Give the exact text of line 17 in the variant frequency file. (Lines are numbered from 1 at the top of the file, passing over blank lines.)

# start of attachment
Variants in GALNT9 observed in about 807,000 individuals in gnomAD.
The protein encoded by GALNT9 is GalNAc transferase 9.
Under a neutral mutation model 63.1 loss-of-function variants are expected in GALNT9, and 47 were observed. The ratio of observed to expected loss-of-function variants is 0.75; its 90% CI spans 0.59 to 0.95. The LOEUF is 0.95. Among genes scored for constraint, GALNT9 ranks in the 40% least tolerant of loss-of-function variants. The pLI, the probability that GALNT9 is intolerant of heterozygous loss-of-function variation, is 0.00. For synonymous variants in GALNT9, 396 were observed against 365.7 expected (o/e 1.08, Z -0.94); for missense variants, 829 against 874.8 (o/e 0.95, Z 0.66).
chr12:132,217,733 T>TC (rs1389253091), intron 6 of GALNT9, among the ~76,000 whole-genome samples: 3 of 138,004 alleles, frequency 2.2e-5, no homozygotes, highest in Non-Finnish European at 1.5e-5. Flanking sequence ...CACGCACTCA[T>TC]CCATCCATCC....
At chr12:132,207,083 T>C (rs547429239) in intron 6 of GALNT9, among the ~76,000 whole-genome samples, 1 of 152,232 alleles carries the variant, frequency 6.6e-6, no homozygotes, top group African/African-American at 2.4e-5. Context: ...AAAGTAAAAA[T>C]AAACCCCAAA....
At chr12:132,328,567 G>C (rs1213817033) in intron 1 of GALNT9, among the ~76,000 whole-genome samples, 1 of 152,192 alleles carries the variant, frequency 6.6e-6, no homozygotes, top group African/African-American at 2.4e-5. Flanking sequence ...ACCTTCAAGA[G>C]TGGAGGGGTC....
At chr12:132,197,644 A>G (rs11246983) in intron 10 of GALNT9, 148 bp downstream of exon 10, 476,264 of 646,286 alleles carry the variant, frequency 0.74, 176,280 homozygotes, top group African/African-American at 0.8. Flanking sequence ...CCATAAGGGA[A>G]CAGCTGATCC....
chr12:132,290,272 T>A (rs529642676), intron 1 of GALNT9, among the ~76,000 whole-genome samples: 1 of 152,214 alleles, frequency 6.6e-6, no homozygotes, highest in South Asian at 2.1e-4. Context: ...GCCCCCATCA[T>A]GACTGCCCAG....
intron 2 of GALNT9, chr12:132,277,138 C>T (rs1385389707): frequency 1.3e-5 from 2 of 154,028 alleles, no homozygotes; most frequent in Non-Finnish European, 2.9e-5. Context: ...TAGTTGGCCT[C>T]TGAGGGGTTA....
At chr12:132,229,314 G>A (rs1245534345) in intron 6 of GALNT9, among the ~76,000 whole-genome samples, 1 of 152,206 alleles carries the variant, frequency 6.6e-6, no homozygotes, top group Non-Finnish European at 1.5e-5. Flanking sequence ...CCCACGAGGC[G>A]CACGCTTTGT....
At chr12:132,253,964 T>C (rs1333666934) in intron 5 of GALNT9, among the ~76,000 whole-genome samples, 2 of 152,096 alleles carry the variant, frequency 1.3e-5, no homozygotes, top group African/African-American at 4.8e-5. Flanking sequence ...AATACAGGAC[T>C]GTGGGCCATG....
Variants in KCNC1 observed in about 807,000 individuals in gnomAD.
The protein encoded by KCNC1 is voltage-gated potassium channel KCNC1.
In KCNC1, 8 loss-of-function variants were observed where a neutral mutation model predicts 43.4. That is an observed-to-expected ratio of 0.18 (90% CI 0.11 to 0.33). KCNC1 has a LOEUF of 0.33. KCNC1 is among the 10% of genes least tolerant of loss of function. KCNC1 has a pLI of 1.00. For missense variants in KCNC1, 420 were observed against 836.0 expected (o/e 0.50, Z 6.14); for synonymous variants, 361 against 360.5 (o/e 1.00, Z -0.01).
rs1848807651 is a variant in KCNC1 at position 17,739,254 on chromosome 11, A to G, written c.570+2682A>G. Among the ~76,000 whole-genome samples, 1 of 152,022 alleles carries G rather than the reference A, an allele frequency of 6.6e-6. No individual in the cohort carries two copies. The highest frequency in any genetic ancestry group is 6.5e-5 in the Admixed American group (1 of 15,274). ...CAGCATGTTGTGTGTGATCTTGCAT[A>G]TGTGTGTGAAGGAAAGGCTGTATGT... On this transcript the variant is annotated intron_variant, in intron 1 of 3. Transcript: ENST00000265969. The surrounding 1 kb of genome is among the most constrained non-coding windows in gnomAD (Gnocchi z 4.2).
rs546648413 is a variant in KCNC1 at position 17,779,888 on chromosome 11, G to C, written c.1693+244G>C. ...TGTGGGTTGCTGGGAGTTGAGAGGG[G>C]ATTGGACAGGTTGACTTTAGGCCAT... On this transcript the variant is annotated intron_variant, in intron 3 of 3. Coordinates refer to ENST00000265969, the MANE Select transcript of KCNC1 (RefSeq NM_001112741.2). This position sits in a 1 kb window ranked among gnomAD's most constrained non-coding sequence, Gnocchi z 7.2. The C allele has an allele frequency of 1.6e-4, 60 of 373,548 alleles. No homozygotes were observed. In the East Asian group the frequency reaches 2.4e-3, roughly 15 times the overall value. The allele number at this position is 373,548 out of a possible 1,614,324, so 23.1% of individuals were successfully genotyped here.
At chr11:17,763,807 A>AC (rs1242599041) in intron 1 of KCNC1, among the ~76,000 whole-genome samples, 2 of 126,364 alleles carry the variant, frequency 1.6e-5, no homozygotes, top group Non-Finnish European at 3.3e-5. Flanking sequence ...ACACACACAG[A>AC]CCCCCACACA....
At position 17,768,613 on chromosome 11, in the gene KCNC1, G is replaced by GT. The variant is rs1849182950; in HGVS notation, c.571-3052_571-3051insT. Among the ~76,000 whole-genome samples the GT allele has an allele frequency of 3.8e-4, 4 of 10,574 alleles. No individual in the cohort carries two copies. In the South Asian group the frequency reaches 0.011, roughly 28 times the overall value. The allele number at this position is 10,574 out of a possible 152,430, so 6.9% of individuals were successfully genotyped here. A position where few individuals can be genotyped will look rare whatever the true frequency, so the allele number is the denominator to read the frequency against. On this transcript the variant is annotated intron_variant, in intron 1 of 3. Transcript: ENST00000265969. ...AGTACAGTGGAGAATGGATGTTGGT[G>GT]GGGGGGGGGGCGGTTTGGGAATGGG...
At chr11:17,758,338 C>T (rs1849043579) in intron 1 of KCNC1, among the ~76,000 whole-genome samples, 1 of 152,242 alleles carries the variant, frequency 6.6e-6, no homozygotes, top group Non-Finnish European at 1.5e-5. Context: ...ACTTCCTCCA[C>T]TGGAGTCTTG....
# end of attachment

At chr11:17,763,807 A>AC (rs1242599041) in intron 1 of KCNC1, among the ~76,000 whole-genome samples, 2 of 126,364 alleles carry the variant, frequency 1.6e-5, no homozygotes, top group Non-Finnish European at 3.3e-5. Flanking sequence ...ACACACACAG[A>AC]CCCCCACACA....